Why Sleeping Through the Holidays is a Good Thing
● By Family Features
(Family Features) Battling crowded shopping centers. Purchasing last minute gifts. Party preparations. Travel arrangements. Hosting family. In addition to cheer and excitement, the holidays also seem to bring never-ending “to do” lists that often cause you to sacrifice basic needs in order to check off every task. One of the first things many people give up is a good night’s sleep – not knowing the crucial role that it plays in staying healthy throughout the holiday rush.
Getting enough sleep is crucial to immune function, memory and other vital functions that keep you going. According to research published in the journal Sleep, lack of sleep can have the same effect on your body as physical stress or illness, causing you to overproduce white blood cells as if you are fighting an infection.1
A good night's sleep won't grant you immunity from stress or illness, but getting the recommended eight hours of sleep a night can have a positive impact on your health and ability to successfully manage your day. Dr. Heith Durrence, a PhD in Psychology with a specialty in Behavioral and Sleep Medicine, explains that, “Maintaining a consistent sleep schedule is essential for the health of your immune system. Practicing good bedtime habits will help ensure your body is equipped to handle the busyness and stress of the holidays.”
To improve your sleep during the holiday season, Dr. Durrence recommends:
- Ensuring your bedroom environment is welcoming and associated with sleep by removing distractions, keeping room temperature cool and using curtains to block unnatural light
- Developing a calming routine before bedtime, such as taking a warm bath or listening to relaxing music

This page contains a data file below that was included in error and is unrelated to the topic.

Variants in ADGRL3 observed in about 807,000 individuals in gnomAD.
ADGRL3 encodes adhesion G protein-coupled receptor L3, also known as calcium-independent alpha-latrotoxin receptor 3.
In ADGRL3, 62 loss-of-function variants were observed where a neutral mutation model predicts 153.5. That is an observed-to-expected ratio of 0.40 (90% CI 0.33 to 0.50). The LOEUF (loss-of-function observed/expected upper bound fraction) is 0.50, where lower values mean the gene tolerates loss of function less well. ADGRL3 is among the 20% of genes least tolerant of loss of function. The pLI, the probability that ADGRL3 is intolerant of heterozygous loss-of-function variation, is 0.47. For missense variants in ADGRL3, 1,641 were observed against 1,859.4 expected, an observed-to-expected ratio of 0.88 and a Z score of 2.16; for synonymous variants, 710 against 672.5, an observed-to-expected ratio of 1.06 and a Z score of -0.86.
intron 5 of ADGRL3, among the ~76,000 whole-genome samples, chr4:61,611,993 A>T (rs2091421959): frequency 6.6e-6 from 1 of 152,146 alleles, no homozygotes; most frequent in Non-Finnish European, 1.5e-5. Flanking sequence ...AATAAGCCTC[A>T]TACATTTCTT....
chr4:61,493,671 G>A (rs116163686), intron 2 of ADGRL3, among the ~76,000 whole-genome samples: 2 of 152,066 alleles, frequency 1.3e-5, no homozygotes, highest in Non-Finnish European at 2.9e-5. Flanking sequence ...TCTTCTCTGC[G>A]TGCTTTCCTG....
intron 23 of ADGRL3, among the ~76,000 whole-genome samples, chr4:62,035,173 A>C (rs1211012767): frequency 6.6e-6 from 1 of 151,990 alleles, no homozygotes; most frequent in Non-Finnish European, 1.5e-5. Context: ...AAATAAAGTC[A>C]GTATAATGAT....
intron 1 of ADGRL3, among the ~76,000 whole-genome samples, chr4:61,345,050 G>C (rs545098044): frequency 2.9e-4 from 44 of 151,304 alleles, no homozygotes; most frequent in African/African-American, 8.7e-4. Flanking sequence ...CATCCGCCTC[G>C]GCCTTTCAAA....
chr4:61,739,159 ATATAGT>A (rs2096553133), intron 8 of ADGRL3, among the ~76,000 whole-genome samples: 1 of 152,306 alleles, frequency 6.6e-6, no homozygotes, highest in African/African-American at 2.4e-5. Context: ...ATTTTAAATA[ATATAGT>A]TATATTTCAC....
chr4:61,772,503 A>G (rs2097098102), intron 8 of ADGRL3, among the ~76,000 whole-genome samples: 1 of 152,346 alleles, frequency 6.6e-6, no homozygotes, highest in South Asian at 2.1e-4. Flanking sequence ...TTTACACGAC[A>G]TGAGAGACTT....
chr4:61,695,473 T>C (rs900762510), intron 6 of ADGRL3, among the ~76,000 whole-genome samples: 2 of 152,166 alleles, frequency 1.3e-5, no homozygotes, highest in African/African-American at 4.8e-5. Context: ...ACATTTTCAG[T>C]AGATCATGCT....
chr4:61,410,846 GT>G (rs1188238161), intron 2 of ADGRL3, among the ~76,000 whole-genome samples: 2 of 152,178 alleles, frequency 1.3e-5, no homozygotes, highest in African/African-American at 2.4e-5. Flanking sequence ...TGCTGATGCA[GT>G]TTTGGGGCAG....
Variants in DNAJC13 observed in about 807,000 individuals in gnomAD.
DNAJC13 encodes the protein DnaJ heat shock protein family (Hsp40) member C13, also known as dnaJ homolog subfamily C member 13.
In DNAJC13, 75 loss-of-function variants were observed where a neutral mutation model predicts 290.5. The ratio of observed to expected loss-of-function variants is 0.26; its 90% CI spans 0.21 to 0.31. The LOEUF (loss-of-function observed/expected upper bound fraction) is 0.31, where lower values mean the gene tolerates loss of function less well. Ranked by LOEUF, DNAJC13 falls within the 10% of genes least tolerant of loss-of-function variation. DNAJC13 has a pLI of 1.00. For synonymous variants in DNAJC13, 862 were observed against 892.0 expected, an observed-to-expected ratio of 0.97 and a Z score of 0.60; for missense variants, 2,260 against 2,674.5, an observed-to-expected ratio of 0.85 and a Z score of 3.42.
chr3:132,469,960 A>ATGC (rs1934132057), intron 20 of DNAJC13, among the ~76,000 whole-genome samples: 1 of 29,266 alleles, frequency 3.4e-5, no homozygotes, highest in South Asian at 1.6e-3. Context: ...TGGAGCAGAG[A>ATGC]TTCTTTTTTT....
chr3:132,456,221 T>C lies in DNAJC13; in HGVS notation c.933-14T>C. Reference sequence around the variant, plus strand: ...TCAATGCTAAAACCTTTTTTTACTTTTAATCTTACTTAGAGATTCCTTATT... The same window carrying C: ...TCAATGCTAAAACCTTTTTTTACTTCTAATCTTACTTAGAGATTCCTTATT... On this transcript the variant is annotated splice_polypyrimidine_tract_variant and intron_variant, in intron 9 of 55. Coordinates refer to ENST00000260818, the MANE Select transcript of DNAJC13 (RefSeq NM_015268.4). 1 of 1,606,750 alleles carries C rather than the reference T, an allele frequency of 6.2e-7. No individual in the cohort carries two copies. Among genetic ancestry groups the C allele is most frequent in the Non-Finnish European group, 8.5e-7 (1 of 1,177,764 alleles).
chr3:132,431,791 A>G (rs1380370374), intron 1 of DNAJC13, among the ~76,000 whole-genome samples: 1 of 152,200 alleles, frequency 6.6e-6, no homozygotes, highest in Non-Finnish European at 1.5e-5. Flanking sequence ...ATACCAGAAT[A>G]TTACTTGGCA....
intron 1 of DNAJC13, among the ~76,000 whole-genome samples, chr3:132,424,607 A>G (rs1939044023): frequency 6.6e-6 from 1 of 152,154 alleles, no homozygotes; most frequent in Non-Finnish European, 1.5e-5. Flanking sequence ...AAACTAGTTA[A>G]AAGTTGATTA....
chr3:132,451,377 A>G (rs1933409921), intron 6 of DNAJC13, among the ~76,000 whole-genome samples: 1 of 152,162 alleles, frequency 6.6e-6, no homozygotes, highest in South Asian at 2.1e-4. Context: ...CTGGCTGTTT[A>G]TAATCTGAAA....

- Avoiding using mobile phones and tablets before bedtime, as the LED lights can suppress melatonin levels
- Don’t eat greasy, spicy or protein-filled foods before bedtime, which can disrupt digestion or upset your stomach
For some people, practicing good bedtime habits alone may not be enough. Each year in the United States, 40 million people experience sleep problems and 4 million people have chronic insomnia. While insomnia affects people in different ways, staying asleep is the number one reported problem of people with the condition.
If you think you need additional help with your sleep problems, speak with your health care provider about your routine, lifestyle and symptoms. If you are diagnosed with insomnia, your health care provider may prescribe a prescription medication. There are several options available, one of which is SILENOR® (doxepin). SILENOR® is a prescription sleep medicine that is used to treat people with insomnia who have trouble staying asleep. It works with the wake-promoting mechanism of your body’s natural sleep-wake cycle to help you stay asleep during the night and keep you from waking too early in the morning.
Managing stress and staying healthy starts at night. Practicing good bedtime habits can help strengthen your immune system so you are able to power through and enjoy the busy holidays. To learn more about the benefits of a good night’s sleep and SILENOR®, visit www.silenor.com.
1 http://www.sciencedaily.com/releases/2012/07/120701191638.htm, Katrin Ackermann, Victoria L. Revell, Oscar Lao, Elwin J. Rombouts, Debra J. Skene, Manfred Kayser. Diurnal Rhythms in Blood Cell Populations and the Effect of Acute Sleep Deprivation in Healthy Young Men. SLEEP, 2012; DOI:10.5665/sleep.1954
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